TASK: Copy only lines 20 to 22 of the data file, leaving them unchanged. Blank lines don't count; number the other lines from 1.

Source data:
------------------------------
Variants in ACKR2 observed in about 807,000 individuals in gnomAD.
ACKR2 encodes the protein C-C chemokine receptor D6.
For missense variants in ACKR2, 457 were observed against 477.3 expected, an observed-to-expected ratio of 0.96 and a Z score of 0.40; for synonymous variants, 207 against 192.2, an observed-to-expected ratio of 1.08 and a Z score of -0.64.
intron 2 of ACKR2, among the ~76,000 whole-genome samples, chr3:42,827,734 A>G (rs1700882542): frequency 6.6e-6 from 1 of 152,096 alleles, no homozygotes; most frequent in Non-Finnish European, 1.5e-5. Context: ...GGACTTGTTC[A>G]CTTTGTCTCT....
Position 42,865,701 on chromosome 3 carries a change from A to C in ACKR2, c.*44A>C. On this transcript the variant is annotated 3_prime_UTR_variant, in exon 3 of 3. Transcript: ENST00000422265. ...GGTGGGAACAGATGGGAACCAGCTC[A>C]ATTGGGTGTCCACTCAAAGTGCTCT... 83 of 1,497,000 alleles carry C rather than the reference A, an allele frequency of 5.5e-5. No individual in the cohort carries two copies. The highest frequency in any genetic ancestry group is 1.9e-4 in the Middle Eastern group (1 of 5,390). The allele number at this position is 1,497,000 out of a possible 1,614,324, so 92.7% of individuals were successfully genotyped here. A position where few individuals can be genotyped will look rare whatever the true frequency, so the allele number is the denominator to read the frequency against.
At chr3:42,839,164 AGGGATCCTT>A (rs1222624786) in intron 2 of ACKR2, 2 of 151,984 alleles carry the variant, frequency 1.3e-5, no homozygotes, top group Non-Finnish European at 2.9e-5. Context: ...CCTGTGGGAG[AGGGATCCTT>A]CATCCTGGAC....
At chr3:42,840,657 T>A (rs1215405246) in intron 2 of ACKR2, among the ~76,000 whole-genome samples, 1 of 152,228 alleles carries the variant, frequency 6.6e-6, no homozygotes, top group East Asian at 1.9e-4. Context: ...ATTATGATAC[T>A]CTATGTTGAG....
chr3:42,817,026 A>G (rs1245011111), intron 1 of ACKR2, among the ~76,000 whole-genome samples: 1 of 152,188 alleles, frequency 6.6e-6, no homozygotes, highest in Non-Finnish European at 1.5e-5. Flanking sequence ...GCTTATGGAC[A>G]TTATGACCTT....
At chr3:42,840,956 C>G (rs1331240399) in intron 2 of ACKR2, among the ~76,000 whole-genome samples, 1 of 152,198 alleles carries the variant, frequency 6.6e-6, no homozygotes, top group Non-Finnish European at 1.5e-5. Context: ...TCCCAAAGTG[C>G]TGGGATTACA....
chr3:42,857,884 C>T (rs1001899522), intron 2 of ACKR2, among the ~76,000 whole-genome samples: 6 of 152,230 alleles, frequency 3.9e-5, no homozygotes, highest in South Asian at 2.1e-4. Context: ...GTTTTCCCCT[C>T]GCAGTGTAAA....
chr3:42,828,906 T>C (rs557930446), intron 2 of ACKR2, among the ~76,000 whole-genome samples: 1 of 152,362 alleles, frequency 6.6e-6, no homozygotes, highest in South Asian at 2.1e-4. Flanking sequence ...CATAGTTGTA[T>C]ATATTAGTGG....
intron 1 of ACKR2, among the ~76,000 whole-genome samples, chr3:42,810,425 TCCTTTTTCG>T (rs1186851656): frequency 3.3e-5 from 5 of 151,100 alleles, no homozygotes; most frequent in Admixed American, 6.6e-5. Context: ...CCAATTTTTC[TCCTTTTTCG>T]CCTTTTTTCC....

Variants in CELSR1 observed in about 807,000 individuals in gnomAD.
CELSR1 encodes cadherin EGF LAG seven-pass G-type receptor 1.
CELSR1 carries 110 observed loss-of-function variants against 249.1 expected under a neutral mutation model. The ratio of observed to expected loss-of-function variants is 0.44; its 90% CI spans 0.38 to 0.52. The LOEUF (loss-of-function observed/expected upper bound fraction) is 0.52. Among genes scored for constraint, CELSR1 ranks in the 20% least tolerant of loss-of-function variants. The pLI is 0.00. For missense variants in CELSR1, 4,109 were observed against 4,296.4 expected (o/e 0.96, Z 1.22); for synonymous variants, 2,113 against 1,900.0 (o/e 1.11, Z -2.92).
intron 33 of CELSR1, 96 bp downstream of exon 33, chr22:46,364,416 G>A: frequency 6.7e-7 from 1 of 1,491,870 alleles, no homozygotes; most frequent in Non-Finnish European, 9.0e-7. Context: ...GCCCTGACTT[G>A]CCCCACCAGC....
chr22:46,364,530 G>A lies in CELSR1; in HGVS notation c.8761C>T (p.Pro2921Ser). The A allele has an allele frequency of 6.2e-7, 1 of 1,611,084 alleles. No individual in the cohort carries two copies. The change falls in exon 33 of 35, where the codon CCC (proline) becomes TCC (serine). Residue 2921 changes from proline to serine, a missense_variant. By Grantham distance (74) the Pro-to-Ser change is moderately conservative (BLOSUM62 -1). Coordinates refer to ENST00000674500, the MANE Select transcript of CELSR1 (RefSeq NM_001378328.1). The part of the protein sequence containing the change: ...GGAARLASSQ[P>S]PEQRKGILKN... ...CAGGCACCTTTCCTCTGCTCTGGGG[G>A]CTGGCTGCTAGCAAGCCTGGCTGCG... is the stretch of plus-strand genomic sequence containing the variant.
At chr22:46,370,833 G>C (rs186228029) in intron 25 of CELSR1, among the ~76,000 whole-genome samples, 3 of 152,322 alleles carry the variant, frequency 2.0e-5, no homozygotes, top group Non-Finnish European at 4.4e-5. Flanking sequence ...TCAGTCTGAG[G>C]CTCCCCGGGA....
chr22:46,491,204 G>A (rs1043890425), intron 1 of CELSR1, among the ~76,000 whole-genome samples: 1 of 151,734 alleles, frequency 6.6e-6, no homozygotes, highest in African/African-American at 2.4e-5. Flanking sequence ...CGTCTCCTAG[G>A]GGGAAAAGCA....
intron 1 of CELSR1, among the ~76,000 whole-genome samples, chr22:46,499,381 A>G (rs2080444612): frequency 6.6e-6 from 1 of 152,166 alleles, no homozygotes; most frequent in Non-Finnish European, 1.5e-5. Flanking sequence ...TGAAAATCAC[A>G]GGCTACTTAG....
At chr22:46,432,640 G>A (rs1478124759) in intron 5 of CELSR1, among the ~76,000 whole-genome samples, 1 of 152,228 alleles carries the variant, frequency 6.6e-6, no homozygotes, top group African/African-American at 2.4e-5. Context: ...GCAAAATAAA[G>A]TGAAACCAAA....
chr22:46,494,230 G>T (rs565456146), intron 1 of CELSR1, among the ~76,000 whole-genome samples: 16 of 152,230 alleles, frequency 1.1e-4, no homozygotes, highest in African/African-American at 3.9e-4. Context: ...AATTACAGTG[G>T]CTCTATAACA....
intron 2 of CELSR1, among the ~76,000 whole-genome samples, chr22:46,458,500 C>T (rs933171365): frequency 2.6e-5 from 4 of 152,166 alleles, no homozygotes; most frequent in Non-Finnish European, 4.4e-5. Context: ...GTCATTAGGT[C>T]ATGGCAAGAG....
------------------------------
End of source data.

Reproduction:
intron 1 of CELSR1, among the ~76,000 whole-genome samples, chr22:46,499,381 A>G (rs2080444612): frequency 6.6e-6 from 1 of 152,166 alleles, no homozygotes; most frequent in Non-Finnish European, 1.5e-5. Flanking sequence ...TGAAAATCAC[A>G]GGCTACTTAG....
At chr22:46,432,640 G>A (rs1478124759) in intron 5 of CELSR1, among the ~76,000 whole-genome samples, 1 of 152,228 alleles carries the variant, frequency 6.6e-6, no homozygotes, top group African/African-American at 2.4e-5. Context: ...GCAAAATAAA[G>A]TGAAACCAAA....
chr22:46,494,230 G>T (rs565456146), intron 1 of CELSR1, among the ~76,000 whole-genome samples: 16 of 152,230 alleles, frequency 1.1e-4, no homozygotes, highest in African/African-American at 3.9e-4. Context: ...AATTACAGTG[G>T]CTCTATAACA....